Don’t White-Wash Rev. Dr. Martin Luther King Jr.’s Message

Lawson and MLK

Rev. James Lawson and Rev. Dr. Martin Luther King

Rev. Andrew Fiser learned the Civil Rights Movement was about more than civil rights. It was the Black Freedom Struggle. 

Andrew FiserWe have the option every year to do one of two things each Martin Luther King Day. We can either white-wash the legacy of the Rev. Dr. Martin Luther King Jr., or we can hear the fullness of this preacher’s and prophet’s challenge to America. The people who joined King in the struggle offer insights into the fullness of his message. I draw your attention to a United Methodist who knew him as his friend Martin. Rev. James Lawson taught my first Vanderbilt Divinity School class: “The Non-Violent Struggle.”   

As recounted in David Halberstam’s The Children, Lawson met King in 1957 and King encouraged him to postpone his academic career and join the struggle. “Come South now,” he said. Lawson was a student of Mahatma Gandhi’s non-violence and a Korean War draft-resister who served 14 months in jail for refusing to agree that the state had the right to coerce anyone to do violence. 

Lawson became the primary trainer and strategist for the non-violent direct action campaigns across the South. In Nashville, Lawson enrolled at Vanderbilt Divinity School and served as a Methodist pastor in the area. Lawson was a main catalyst for the Nashville successful sit-ins, which drew together local students like Ambassador Andrew Young, Rep. John Lewis and Diane Nash. Many of the young leaders Lawson trained in Nashville went on to lead the Freedom Rides and movements around the country.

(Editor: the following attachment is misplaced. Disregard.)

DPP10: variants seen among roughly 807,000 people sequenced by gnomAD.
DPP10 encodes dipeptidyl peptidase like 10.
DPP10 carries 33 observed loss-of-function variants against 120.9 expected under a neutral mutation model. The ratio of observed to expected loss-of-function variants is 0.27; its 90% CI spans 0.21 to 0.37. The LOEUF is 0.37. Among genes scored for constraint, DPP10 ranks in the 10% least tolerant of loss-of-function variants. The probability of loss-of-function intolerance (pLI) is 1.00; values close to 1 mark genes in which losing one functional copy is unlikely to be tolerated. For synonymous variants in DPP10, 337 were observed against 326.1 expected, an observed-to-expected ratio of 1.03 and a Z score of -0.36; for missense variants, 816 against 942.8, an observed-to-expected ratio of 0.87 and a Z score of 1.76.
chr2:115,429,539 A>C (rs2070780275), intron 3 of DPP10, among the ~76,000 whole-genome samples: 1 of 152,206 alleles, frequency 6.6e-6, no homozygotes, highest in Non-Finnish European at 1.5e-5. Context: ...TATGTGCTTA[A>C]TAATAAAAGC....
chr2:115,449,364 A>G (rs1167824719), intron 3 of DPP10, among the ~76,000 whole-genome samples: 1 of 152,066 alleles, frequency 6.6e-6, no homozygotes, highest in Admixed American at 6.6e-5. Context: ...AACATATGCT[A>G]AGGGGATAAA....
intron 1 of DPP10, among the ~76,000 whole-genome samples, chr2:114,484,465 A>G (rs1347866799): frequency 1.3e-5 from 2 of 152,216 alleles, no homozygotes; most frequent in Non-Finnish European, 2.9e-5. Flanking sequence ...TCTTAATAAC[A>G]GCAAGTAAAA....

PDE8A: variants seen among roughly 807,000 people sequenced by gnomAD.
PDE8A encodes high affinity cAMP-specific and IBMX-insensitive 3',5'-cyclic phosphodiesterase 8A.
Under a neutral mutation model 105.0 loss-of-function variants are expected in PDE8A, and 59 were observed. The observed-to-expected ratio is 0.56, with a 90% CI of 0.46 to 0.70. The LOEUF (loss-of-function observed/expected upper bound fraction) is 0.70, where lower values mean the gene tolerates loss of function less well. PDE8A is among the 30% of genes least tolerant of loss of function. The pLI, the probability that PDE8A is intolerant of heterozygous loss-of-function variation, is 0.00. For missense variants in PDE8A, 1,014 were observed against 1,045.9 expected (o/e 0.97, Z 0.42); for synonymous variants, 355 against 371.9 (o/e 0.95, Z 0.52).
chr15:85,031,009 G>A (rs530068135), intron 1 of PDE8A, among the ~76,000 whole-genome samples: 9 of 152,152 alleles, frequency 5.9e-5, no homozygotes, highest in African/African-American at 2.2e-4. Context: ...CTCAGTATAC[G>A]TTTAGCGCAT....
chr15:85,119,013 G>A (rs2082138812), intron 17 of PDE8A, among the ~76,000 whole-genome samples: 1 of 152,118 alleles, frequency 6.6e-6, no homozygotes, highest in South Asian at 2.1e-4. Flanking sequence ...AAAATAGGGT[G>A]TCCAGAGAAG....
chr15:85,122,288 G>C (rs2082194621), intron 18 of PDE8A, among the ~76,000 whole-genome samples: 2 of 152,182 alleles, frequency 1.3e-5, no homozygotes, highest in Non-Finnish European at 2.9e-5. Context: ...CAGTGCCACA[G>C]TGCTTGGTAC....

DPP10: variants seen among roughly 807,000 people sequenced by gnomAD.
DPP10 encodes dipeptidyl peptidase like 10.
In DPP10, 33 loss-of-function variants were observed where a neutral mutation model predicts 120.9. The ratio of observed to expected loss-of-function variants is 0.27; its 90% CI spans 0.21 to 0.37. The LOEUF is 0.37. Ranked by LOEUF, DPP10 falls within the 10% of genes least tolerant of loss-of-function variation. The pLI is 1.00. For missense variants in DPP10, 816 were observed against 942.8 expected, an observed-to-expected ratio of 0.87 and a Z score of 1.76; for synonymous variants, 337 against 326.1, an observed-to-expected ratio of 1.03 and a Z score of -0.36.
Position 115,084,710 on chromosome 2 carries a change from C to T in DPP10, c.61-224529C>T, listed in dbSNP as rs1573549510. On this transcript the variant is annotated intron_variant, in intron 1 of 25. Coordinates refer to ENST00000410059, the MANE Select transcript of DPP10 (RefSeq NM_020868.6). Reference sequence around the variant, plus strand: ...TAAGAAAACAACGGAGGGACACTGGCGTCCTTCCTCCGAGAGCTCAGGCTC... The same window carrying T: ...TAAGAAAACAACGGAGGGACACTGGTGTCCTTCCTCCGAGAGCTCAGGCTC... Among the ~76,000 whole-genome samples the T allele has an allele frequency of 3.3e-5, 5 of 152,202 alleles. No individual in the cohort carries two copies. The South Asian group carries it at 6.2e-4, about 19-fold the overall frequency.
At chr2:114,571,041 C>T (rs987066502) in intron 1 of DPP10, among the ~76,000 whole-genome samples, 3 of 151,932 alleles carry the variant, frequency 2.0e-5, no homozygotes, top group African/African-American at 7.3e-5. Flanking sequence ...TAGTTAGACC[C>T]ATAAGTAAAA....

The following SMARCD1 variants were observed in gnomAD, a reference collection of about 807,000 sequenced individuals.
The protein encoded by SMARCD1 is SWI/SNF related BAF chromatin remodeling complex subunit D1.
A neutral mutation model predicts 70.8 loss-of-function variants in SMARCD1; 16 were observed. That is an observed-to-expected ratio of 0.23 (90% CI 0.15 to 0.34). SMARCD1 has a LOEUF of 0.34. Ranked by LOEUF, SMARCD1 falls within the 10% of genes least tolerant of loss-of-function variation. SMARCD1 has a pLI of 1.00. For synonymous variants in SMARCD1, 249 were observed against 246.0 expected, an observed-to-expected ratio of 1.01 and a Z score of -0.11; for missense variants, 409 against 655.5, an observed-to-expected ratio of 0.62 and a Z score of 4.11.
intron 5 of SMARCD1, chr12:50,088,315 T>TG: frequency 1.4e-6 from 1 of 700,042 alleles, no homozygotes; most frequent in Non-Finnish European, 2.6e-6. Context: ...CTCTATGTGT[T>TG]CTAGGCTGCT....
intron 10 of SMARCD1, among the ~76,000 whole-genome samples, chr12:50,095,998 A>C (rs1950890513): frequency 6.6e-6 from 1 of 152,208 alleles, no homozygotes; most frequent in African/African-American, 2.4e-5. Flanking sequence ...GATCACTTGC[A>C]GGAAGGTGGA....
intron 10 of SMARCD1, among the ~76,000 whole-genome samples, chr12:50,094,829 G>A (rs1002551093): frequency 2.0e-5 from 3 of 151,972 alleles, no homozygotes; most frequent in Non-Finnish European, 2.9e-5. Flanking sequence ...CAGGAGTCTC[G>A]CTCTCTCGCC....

Lawson went on to pastor Centenary UMC in Memphis, which served as an organizing hub for the Sanitation Workers’ Strike of 1968. Lawson prevailed upon King to come to Memphis as King prepared to launch a nationwide, multi-racial Poor People’s Campaign. It was there in Memphis, fighting for the safety and fair wages for sanitation workers, that Lawson’s friend and mentor, Martin, was assassinated.  Years later, Lawson led the memorial service for King’s assassin, James Earl Ray, at Centenary as an act of redemptive non-violence. 



What Lawson taught our classes is that what we label the Civil Rights Movement was about far more than civil rights. It was the Black Freedom Struggle. It was a part of, but not an end to, a moral awakening to the sicknesses affecting all Americans: racism, sexism, militarism and income inequality. King was not welcomed by many churches or leaders when he was alive. And when his work expanded to include denouncing the war in Southeast Asia and a call to end poverty for all in America, King was further reviled as a communist.

The Poor People’s Campaign launched with minimal success after King’s death. But the work has re-started as The Poor People’s Campaign: A National Call for Moral Revival by The Red Letter Christians and Bishop William Barber II and Rev. Liz Theoharis. The campaign, which was hosted in November by St. Luke “Community” UMC in Dallas, is calling for moral action to combat Systemic Racism, Poverty & Inequality, Ecological Devastation, the War Economy & Militarism and the nation’s distorted morality. 



Sometimes we wonder what we would have done during the Civil Rights Era. The truth is that we’d be doing what we are doing now.  And if you are disappointed by that realization, as I have been, then it’s time to wake up and join the struggle. Sign up to get involved in the Poor People’s Campaign.  Read King’s final and often forgotten book Where do We Go From Here: Chaos or Community? 

It is my hope that we’ll remember the challenge in King’s words, a challenge that millions of women and men embodied as part of an often unpopular struggle for righteousness then and now. May we be called out of our complacencies to follow Jesus Christ in ways that are likely to upset those we know and love.

Published: Tuesday, January 8, 2019